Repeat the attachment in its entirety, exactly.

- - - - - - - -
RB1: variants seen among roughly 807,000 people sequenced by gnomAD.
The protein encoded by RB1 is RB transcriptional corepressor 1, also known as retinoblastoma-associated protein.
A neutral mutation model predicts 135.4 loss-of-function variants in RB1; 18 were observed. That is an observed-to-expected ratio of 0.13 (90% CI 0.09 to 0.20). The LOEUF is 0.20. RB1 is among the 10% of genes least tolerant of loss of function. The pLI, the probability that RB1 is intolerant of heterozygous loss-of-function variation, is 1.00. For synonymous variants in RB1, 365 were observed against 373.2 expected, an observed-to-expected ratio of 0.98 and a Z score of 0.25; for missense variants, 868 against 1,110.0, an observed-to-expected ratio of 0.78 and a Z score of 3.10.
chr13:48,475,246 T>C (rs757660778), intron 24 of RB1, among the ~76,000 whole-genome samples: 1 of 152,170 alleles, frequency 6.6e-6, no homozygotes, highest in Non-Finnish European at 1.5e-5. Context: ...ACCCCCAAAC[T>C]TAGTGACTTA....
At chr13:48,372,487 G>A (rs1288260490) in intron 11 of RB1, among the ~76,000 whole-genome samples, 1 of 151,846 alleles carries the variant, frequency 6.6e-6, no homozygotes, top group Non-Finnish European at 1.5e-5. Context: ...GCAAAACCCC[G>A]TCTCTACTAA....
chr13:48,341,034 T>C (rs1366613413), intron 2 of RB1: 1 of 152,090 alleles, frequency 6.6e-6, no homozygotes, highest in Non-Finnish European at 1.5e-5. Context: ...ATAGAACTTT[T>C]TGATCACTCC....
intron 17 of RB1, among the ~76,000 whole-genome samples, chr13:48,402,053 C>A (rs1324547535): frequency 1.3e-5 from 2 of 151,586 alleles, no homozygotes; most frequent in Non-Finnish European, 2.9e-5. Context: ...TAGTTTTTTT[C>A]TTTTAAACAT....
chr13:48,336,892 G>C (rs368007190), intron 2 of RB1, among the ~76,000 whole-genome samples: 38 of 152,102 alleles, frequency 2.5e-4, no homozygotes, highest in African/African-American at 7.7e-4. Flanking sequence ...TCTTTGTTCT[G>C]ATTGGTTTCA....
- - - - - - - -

RB1: variants seen among roughly 807,000 people sequenced by gnomAD.
The protein encoded by RB1 is RB transcriptional corepressor 1, also known as retinoblastoma-associated protein.
A neutral mutation model predicts 135.4 loss-of-function variants in RB1; 18 were observed. That is an observed-to-expected ratio of 0.13 (90% CI 0.09 to 0.20). The LOEUF is 0.20. RB1 is among the 10% of genes least tolerant of loss of function. The pLI, the probability that RB1 is intolerant of heterozygous loss-of-function variation, is 1.00. For synonymous variants in RB1, 365 were observed against 373.2 expected, an observed-to-expected ratio of 0.98 and a Z score of 0.25; for missense variants, 868 against 1,110.0, an observed-to-expected ratio of 0.78 and a Z score of 3.10.
chr13:48,475,246 T>C (rs757660778), intron 24 of RB1, among the ~76,000 whole-genome samples: 1 of 152,170 alleles, frequency 6.6e-6, no homozygotes, highest in Non-Finnish European at 1.5e-5. Context: ...ACCCCCAAAC[T>C]TAGTGACTTA....
At chr13:48,372,487 G>A (rs1288260490) in intron 11 of RB1, among the ~76,000 whole-genome samples, 1 of 151,846 alleles carries the variant, frequency 6.6e-6, no homozygotes, top group Non-Finnish European at 1.5e-5. Context: ...GCAAAACCCC[G>A]TCTCTACTAA....
chr13:48,341,034 T>C (rs1366613413), intron 2 of RB1: 1 of 152,090 alleles, frequency 6.6e-6, no homozygotes, highest in Non-Finnish European at 1.5e-5. Context: ...ATAGAACTTT[T>C]TGATCACTCC....
intron 17 of RB1, among the ~76,000 whole-genome samples, chr13:48,402,053 C>A (rs1324547535): frequency 1.3e-5 from 2 of 151,586 alleles, no homozygotes; most frequent in Non-Finnish European, 2.9e-5. Context: ...TAGTTTTTTT[C>A]TTTTAAACAT....
chr13:48,336,892 G>C (rs368007190), intron 2 of RB1, among the ~76,000 whole-genome samples: 38 of 152,102 alleles, frequency 2.5e-4, no homozygotes, highest in African/African-American at 7.7e-4. Flanking sequence ...TCTTTGTTCT[G>C]ATTGGTTTCA....